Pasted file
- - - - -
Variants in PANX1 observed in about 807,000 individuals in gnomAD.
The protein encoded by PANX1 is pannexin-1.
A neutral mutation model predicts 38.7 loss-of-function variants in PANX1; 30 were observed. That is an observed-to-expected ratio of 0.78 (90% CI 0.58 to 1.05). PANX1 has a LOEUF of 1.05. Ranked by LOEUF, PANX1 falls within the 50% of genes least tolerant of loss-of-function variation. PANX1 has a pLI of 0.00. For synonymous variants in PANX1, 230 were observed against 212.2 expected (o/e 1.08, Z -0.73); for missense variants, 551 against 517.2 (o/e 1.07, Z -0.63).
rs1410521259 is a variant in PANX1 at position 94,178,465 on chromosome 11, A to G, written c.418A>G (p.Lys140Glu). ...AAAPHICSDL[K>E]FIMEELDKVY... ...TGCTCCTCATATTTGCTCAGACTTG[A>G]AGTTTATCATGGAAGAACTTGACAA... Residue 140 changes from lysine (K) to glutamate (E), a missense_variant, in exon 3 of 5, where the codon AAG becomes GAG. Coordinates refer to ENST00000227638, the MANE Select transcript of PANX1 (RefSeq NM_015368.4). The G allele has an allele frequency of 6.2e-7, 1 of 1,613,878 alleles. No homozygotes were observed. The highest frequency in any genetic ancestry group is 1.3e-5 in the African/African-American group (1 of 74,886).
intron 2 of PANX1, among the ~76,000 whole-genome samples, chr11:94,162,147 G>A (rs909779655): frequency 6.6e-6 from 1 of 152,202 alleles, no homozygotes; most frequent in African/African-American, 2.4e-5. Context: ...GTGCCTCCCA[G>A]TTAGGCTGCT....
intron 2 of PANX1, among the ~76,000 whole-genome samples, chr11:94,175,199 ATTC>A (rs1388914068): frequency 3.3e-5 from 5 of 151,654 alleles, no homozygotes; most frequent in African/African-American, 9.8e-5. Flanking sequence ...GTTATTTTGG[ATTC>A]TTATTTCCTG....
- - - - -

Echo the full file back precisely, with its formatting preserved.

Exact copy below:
Variants in PANX1 observed in about 807,000 individuals in gnomAD.
The protein encoded by PANX1 is pannexin-1.
A neutral mutation model predicts 38.7 loss-of-function variants in PANX1; 30 were observed. That is an observed-to-expected ratio of 0.78 (90% CI 0.58 to 1.05). PANX1 has a LOEUF of 1.05. Ranked by LOEUF, PANX1 falls within the 50% of genes least tolerant of loss-of-function variation. PANX1 has a pLI of 0.00. For synonymous variants in PANX1, 230 were observed against 212.2 expected (o/e 1.08, Z -0.73); for missense variants, 551 against 517.2 (o/e 1.07, Z -0.63).
rs1410521259 is a variant in PANX1 at position 94,178,465 on chromosome 11, A to G, written c.418A>G (p.Lys140Glu). ...AAAPHICSDL[K>E]FIMEELDKVY... ...TGCTCCTCATATTTGCTCAGACTTG[A>G]AGTTTATCATGGAAGAACTTGACAA... Residue 140 changes from lysine (K) to glutamate (E), a missense_variant, in exon 3 of 5, where the codon AAG becomes GAG. Coordinates refer to ENST00000227638, the MANE Select transcript of PANX1 (RefSeq NM_015368.4). The G allele has an allele frequency of 6.2e-7, 1 of 1,613,878 alleles. No homozygotes were observed. The highest frequency in any genetic ancestry group is 1.3e-5 in the African/African-American group (1 of 74,886).
intron 2 of PANX1, among the ~76,000 whole-genome samples, chr11:94,162,147 G>A (rs909779655): frequency 6.6e-6 from 1 of 152,202 alleles, no homozygotes; most frequent in African/African-American, 2.4e-5. Context: ...GTGCCTCCCA[G>A]TTAGGCTGCT....
intron 2 of PANX1, among the ~76,000 whole-genome samples, chr11:94,175,199 ATTC>A (rs1388914068): frequency 3.3e-5 from 5 of 151,654 alleles, no homozygotes; most frequent in African/African-American, 9.8e-5. Flanking sequence ...GTTATTTTGG[ATTC>A]TTATTTCCTG....